A few years ago, I adopted a vivacious and outgoing dog who got me outside and more active. Her sunny spirit brightened my home, and my life. But it didn’t take long for her sweet doggy ways to make my apartment a mess. There’s the shedding, the stinky dog smell and the occasional “accident,” not to mention the mud and dirt that always manages to make its way inside on those little paws. It seemed like no matter how often we swept the parquet flooring, a dozen “fur bunnies” would make their way out of hiding. And of course there’s that sinking feeling you get when notice a dog hair sticking out of your half-eaten sandwich.
So, how can we as pet owners keep our spaces clean while still enjoying the company of our furry pals? Trust me, it is possible. Read on for some tips and tricks.
Shedding can be one of the most frustrating parts of owning a pet. Depending on the species and breed of pet, different hair textures make it easier, or more difficult, to remove hair from surfaces. Long-haired cat breeds such as Persians, for example, have puffy multi-layered coats prone to filling the air with fluff during shedding season.
Regular visits to the groomer will remove loose hair that will otherwise make its way to furniture. However, if grooming bills don’t fit in your pet budget, don’t despair. De-shedding tools, which are designed to aid in detangling the undercoat and to comb away loose hair, are available at many pet stores. Their effectiveness can depend on how the tool is made to the thickness of your pet’s coat, as well as how easy it is to get your pet to hold still while you groom him. For my dog, a thorough brushing a couple of times a week helps control the shedding on my furniture.
While grooming can greatly reduce the amount of stray hairs in your home, a few are still bound to find their way off your pet. Luckily, there are several tried and true tricks that help frustrated pet owners maintain hair-free furniture and floors — and sandwiches.
One simple method is to simply run your hand back and forth over an upholstered surface while wearing a rubber cleaning glove. The dislodged hair will stick to the glove, so you can roll it into a ball and throw it away, or you can wash it off by dipping the glove in a pan of water.
You can also dampen the palm of your bare hand, or a sponge, and move it over your couch, chairs or pillows. Some pet owners swear by dryer sheets or a solution of fabric softener diluted with water, lightly misted over fabrics then wiped down. Some companies even make special tools specifically designed to swipe hair from upholstery.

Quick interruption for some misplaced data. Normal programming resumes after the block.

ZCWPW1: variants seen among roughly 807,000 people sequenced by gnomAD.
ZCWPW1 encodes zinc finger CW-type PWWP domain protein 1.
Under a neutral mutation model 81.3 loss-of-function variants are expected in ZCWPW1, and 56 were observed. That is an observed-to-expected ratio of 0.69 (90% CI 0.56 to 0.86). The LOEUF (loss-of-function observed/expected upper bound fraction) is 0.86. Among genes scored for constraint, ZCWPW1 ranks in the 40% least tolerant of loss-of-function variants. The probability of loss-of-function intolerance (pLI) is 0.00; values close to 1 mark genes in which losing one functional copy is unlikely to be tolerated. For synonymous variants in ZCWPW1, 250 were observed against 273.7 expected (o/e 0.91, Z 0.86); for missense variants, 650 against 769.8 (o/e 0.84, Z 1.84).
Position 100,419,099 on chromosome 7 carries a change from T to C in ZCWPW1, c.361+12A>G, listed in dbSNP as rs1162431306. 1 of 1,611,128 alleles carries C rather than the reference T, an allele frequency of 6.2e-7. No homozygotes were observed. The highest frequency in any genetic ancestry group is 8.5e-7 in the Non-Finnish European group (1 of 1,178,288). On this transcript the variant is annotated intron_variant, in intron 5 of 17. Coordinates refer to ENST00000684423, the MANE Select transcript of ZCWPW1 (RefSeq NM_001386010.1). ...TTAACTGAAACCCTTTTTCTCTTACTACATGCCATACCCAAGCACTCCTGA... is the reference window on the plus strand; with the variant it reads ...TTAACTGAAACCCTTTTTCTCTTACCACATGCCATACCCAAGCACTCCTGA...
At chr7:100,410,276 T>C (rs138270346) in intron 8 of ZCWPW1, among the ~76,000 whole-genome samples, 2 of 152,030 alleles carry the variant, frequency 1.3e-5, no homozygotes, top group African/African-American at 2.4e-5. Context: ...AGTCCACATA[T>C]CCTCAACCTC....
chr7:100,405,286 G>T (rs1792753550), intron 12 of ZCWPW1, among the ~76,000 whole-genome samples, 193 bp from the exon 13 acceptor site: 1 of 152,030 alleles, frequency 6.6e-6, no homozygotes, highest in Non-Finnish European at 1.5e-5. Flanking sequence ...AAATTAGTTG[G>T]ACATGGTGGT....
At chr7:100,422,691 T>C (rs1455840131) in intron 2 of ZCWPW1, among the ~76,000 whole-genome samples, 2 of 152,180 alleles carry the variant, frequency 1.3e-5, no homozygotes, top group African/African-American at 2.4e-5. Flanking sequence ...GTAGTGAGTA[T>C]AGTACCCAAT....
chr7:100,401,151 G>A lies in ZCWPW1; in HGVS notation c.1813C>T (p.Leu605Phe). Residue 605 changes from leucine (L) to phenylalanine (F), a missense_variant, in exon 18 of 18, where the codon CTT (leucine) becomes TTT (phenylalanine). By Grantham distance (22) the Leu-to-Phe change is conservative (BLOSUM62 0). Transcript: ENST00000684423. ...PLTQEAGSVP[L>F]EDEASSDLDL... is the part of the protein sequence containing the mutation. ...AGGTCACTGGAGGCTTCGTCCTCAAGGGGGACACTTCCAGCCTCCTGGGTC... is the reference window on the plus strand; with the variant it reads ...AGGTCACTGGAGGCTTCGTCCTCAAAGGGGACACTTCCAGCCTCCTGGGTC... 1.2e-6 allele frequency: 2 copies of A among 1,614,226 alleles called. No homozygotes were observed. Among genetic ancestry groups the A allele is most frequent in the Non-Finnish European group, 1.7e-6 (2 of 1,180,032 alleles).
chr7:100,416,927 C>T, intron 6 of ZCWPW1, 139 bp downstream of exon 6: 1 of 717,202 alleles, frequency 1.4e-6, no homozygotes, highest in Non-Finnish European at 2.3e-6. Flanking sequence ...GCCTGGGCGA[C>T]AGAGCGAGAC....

Frequent vacuuming is the best way to prevent excess pet hair from sticking to your carpet. Erica Rupp, owner of Got It Maid, an all-natural cleaning business based out of Asheville, North Carolina, encounters pet hair disasters frequently while she’s on the job.
“I use a brush attachment on the end of my vacuum,” she says. “Any type of brush will get the hair off the furniture and onto the ground where you can get it with your vacuum.”
Rupp recommends vacuuming pet hair in four directions.
“If it’s in a cramped spaced, you can only go so many directions, but the more directions you move the vacuum head, the more you will pick up,” she says.
For those with laminate or wood flooring, normal sweeping along with use of a dry mop can take care of most stray pet hairs.
For more tried-and-true tricks for getting rid of pet hair, watch this video:
Getting Rid Of Pet Stains And Odors
From an overdue bath to a toileting accident, a home that smells (and looks!) like a barn is never good. Properly housebreaking your dog and giving him regular walks will often serve as the best preventive measure for going to the bathroom in inappropriate locations. Neutering male cats tends to reduce, or eliminate, spraying.
If you suspect an accident has occurred, noticing stains, a bad smell, or both, there are a few ways to deal with the problem areas. Blacklights, available at many home improvement stores, can be used in a dark room to identify soiled areas. If you do not get the smell out of the carpet, your pet will continue to think of that spot as his personal litter box.
For freshly soiled areas, absorb the mess with paper or litter. Commercial carpet cleaning solutions and pet stain removers can help as well. Extractors and wet vacs do a great job of lifting stains and cleansing away odors from older, set stains. However, steam cleaners rely on heat and can embed stains, making them even more stubborn, so avoid heat cleaning stains on carpet.
For all-natural stain and odor-removal, Rupp suggests using vinegar.
“Vinegar is your best friend,” she says. “It neutralizes odor and is a pretty solid disinfectant.”
She notes that bigger messes might need a few different applications. As for pesky stains, “baking soda and vinegar are good stain fighters. You have to apply it, let it dry all the way, and vacuum it like crazy, but it will get it out, especially the urine stains,” she says.
Rupp points out that vinegar is safe on almost any fabric or surface, even carpets, but you should always test it on a small area, prior to doing a large application.
Sometimes, unfortunately, replacing carpet is the only option, especially in situations where urine has seeped into the padding underneath the carpet.
In my own experience, it’s been important to realize that life with a pet means accepting a home that will rarely, if ever, be immaculate. We can do our best to prevent messes by grooming our pets and giving our dogs plenty of time outdoors, and when the inevitable occasional mess does arise, there are many options for cleaning it up. But few pet owners will disagree that the joy our pets bring us makes it worth the extra time vacuuming, and yes, even the occasional dog hair sandwich.